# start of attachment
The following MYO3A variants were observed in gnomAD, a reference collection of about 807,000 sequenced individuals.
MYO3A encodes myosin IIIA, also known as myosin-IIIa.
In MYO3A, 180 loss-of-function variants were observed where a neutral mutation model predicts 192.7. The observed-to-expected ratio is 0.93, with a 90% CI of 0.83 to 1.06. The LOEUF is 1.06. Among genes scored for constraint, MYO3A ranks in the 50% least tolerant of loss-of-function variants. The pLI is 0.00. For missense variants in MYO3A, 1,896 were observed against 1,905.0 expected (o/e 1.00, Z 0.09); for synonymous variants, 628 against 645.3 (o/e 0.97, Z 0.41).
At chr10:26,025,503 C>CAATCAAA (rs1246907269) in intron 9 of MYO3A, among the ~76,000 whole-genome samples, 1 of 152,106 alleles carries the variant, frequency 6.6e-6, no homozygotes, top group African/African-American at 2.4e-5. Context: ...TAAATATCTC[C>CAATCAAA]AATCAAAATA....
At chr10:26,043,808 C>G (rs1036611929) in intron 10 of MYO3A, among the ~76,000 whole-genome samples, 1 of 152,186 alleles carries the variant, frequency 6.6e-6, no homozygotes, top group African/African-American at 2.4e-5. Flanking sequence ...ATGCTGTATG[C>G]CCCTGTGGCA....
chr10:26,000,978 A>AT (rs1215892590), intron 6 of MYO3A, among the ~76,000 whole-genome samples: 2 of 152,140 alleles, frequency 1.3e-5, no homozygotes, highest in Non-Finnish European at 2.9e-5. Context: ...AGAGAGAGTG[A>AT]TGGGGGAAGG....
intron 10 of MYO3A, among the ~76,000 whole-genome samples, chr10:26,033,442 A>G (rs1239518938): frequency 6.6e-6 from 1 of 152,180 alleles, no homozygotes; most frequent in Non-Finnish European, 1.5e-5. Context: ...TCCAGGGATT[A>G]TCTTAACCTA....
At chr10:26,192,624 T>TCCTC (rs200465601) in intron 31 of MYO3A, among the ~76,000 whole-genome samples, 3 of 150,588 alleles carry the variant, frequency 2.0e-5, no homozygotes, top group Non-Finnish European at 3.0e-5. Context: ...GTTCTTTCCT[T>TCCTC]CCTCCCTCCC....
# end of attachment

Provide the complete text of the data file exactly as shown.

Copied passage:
The following MYO3A variants were observed in gnomAD, a reference collection of about 807,000 sequenced individuals.
MYO3A encodes myosin IIIA, also known as myosin-IIIa.
In MYO3A, 180 loss-of-function variants were observed where a neutral mutation model predicts 192.7. The observed-to-expected ratio is 0.93, with a 90% CI of 0.83 to 1.06. The LOEUF is 1.06. Among genes scored for constraint, MYO3A ranks in the 50% least tolerant of loss-of-function variants. The pLI is 0.00. For missense variants in MYO3A, 1,896 were observed against 1,905.0 expected (o/e 1.00, Z 0.09); for synonymous variants, 628 against 645.3 (o/e 0.97, Z 0.41).
At chr10:26,025,503 C>CAATCAAA (rs1246907269) in intron 9 of MYO3A, among the ~76,000 whole-genome samples, 1 of 152,106 alleles carries the variant, frequency 6.6e-6, no homozygotes, top group African/African-American at 2.4e-5. Context: ...TAAATATCTC[C>CAATCAAA]AATCAAAATA....
At chr10:26,043,808 C>G (rs1036611929) in intron 10 of MYO3A, among the ~76,000 whole-genome samples, 1 of 152,186 alleles carries the variant, frequency 6.6e-6, no homozygotes, top group African/African-American at 2.4e-5. Flanking sequence ...ATGCTGTATG[C>G]CCCTGTGGCA....
chr10:26,000,978 A>AT (rs1215892590), intron 6 of MYO3A, among the ~76,000 whole-genome samples: 2 of 152,140 alleles, frequency 1.3e-5, no homozygotes, highest in Non-Finnish European at 2.9e-5. Context: ...AGAGAGAGTG[A>AT]TGGGGGAAGG....
intron 10 of MYO3A, among the ~76,000 whole-genome samples, chr10:26,033,442 A>G (rs1239518938): frequency 6.6e-6 from 1 of 152,180 alleles, no homozygotes; most frequent in Non-Finnish European, 1.5e-5. Context: ...TCCAGGGATT[A>G]TCTTAACCTA....
At chr10:26,192,624 T>TCCTC (rs200465601) in intron 31 of MYO3A, among the ~76,000 whole-genome samples, 3 of 150,588 alleles carry the variant, frequency 2.0e-5, no homozygotes, top group Non-Finnish European at 3.0e-5. Context: ...GTTCTTTCCT[T>TCCTC]CCTCCCTCCC....